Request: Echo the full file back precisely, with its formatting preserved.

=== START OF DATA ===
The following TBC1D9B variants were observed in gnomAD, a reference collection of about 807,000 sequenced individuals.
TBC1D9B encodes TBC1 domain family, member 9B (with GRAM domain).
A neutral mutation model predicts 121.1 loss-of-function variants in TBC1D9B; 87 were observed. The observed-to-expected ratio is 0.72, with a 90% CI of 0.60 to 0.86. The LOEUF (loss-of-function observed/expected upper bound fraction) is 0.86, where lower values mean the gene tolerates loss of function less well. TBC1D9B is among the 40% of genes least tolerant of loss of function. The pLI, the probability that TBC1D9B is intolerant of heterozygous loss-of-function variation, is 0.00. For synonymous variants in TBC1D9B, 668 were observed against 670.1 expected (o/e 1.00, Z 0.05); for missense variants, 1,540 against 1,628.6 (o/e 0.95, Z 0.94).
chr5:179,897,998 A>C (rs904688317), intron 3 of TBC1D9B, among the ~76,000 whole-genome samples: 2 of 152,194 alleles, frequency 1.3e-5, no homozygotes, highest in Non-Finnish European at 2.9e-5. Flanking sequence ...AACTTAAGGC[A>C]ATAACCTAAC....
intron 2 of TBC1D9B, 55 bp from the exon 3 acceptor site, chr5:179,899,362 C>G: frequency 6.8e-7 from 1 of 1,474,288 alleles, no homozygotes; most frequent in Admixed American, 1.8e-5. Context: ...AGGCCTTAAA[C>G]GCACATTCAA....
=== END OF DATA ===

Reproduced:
The following TBC1D9B variants were observed in gnomAD, a reference collection of about 807,000 sequenced individuals.
TBC1D9B encodes TBC1 domain family, member 9B (with GRAM domain).
A neutral mutation model predicts 121.1 loss-of-function variants in TBC1D9B; 87 were observed. The observed-to-expected ratio is 0.72, with a 90% CI of 0.60 to 0.86. The LOEUF (loss-of-function observed/expected upper bound fraction) is 0.86, where lower values mean the gene tolerates loss of function less well. TBC1D9B is among the 40% of genes least tolerant of loss of function. The pLI, the probability that TBC1D9B is intolerant of heterozygous loss-of-function variation, is 0.00. For synonymous variants in TBC1D9B, 668 were observed against 670.1 expected (o/e 1.00, Z 0.05); for missense variants, 1,540 against 1,628.6 (o/e 0.95, Z 0.94).
chr5:179,897,998 A>C (rs904688317), intron 3 of TBC1D9B, among the ~76,000 whole-genome samples: 2 of 152,194 alleles, frequency 1.3e-5, no homozygotes, highest in Non-Finnish European at 2.9e-5. Flanking sequence ...AACTTAAGGC[A>C]ATAACCTAAC....
intron 2 of TBC1D9B, 55 bp from the exon 3 acceptor site, chr5:179,899,362 C>G: frequency 6.8e-7 from 1 of 1,474,288 alleles, no homozygotes; most frequent in Admixed American, 1.8e-5. Context: ...AGGCCTTAAA[C>G]GCACATTCAA....